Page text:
It seems like this would be a nice approach for Windows 7.  Ship it out in "normal" mode, with more familiar interfaces, etc...but then allow users to turn on the advanced mode which might let users play with the notification area or have some more experimental features that advanced users are willing and eager to try.

    @cquirke - I completely agree about customizing the start menu.  I keep only 4 folders under the start menu programs ("Av", "Fun", "Net", and "Sys").  Av is audio/visual and the rest are pretty self-explanatory.  Not only is this how my mind works - thinking about a graphics program or a system tool - but it also provides faster access to programs (not digging through branding folders and sorting through uninstall links).  At this point, it's difficult enough (sans UAC) to move all the shortcuts around and rename them.  I think a whole little program just devoted to organizing and customizing the start menu would be amazing!

    By the way, this is a great blog!

  • Some thoughts on the taskbar:

    1) It scales really poorly.  For those of us who need lots of windows open at once, it isn't particularly usable.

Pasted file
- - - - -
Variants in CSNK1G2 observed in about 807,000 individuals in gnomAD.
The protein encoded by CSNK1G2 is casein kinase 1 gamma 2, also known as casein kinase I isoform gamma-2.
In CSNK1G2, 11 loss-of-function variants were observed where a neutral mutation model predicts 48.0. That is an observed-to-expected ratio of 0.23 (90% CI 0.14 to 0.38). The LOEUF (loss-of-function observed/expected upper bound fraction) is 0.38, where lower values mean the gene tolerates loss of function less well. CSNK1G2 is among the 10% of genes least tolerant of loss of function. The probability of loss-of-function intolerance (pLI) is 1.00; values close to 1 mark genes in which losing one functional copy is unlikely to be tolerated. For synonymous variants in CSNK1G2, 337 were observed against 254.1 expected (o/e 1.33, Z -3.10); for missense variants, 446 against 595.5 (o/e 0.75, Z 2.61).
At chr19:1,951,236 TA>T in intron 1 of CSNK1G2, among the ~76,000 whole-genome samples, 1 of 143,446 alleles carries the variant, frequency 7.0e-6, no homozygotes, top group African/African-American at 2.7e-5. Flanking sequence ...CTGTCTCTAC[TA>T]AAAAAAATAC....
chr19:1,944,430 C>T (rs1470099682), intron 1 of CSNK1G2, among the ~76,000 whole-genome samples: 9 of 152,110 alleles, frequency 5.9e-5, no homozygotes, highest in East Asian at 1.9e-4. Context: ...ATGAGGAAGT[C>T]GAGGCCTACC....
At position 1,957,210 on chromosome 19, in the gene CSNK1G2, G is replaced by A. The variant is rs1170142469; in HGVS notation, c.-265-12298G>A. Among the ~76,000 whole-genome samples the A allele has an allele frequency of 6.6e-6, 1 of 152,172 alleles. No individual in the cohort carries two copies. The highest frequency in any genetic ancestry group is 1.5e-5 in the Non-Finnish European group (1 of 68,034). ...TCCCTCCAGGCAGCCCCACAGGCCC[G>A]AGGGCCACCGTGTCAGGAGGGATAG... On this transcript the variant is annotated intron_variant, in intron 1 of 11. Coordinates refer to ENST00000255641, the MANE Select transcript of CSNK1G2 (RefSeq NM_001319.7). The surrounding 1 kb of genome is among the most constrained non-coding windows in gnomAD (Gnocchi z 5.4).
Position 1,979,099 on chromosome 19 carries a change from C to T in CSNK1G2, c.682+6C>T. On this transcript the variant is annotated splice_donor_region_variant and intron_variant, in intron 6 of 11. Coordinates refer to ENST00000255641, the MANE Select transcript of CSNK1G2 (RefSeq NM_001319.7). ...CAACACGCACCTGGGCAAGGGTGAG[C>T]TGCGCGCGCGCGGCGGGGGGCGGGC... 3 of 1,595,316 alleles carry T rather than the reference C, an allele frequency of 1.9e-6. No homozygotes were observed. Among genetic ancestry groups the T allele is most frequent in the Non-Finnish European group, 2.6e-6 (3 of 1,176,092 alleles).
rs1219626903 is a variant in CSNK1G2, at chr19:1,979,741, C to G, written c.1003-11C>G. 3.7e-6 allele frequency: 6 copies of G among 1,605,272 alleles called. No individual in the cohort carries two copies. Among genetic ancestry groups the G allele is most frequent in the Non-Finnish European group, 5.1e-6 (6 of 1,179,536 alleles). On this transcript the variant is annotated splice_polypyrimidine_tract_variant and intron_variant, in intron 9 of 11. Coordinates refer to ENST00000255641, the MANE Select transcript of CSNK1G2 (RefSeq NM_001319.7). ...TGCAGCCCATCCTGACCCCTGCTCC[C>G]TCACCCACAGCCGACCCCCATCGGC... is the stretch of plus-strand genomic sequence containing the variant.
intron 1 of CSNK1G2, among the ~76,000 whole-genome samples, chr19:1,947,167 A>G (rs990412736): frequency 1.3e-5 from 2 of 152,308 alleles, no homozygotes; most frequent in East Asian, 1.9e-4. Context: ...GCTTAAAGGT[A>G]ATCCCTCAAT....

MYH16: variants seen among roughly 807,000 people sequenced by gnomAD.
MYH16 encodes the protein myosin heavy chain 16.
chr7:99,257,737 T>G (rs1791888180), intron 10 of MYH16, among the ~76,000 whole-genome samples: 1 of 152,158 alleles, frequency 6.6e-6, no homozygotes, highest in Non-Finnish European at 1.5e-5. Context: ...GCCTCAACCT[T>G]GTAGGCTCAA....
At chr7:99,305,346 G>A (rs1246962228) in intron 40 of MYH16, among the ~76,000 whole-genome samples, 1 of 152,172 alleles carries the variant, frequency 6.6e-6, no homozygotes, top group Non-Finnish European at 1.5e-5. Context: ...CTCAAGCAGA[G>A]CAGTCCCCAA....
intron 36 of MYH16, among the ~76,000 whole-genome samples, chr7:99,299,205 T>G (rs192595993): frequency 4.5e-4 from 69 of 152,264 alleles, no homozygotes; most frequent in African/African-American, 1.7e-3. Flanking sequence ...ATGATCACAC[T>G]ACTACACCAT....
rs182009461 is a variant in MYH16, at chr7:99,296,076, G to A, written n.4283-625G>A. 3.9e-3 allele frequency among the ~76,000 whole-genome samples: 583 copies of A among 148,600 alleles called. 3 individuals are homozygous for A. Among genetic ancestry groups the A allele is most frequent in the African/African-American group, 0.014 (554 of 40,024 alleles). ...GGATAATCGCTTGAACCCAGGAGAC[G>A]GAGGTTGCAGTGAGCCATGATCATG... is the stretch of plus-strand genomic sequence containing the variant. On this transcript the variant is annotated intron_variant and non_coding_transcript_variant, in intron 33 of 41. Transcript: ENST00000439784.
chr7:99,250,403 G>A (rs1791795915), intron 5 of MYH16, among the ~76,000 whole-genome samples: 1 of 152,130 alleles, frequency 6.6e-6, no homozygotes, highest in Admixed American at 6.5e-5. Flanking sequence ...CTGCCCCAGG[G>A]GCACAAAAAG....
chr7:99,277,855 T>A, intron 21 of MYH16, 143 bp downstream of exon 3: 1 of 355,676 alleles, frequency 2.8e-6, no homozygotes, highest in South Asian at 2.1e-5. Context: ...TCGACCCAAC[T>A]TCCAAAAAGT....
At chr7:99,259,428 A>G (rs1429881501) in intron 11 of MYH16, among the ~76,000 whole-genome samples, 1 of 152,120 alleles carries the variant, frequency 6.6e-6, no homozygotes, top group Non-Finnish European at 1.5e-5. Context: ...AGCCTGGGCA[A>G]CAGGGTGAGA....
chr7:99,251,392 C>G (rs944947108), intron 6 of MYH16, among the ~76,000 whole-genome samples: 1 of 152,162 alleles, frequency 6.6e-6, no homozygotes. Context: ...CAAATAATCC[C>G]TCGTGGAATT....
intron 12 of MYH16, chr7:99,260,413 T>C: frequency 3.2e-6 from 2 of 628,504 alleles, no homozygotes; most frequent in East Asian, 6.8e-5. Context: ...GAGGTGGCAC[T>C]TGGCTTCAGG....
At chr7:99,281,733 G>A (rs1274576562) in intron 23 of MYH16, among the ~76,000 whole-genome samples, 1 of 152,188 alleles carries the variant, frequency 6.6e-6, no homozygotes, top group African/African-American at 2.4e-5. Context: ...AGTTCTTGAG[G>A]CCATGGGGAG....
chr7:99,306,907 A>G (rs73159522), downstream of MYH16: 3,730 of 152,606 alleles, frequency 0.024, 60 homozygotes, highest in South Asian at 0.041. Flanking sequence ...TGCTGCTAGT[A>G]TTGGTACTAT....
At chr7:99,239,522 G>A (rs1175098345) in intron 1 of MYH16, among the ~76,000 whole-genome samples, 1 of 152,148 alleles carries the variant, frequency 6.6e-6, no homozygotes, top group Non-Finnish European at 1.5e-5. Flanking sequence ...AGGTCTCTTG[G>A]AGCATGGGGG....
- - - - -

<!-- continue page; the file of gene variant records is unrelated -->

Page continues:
2) It lacks flexibility.  People don't put it on the sides because it isn't really usable there.  You do see people putting OS X docks on the sides sometimes, because it doesn't lose any functionality when you do so, or take up too much room.

    3) Having only one is a pain.  Take a look at Gnome panels on Linux.  Each panel is sort of like a taskbar, and is customizable, in terms of size, position, appearance, and what you have on it.  Some nice features include:

    -You can set it to automatically scale in width to be as large as needed for what you have placed on it.

    -You have lots of flexibility in positioning panels whereever you like.  Want one in the center of the top of your screen?  You can do that.

    -You can set different behaviors for each panel (such as auto hiding, etc.)

    4) When you create additional taskbar toolbars and try to place them elsewhere on the screen, you wind up with a toolbar that takes an entire side of the screen, and that has a big text label on it.  Let's say that I wanted one to display notifications.  How large should it be?  I certainly don't need one that takes one whole side of the screen.  One that is just large enough to hold all my notifications would be better.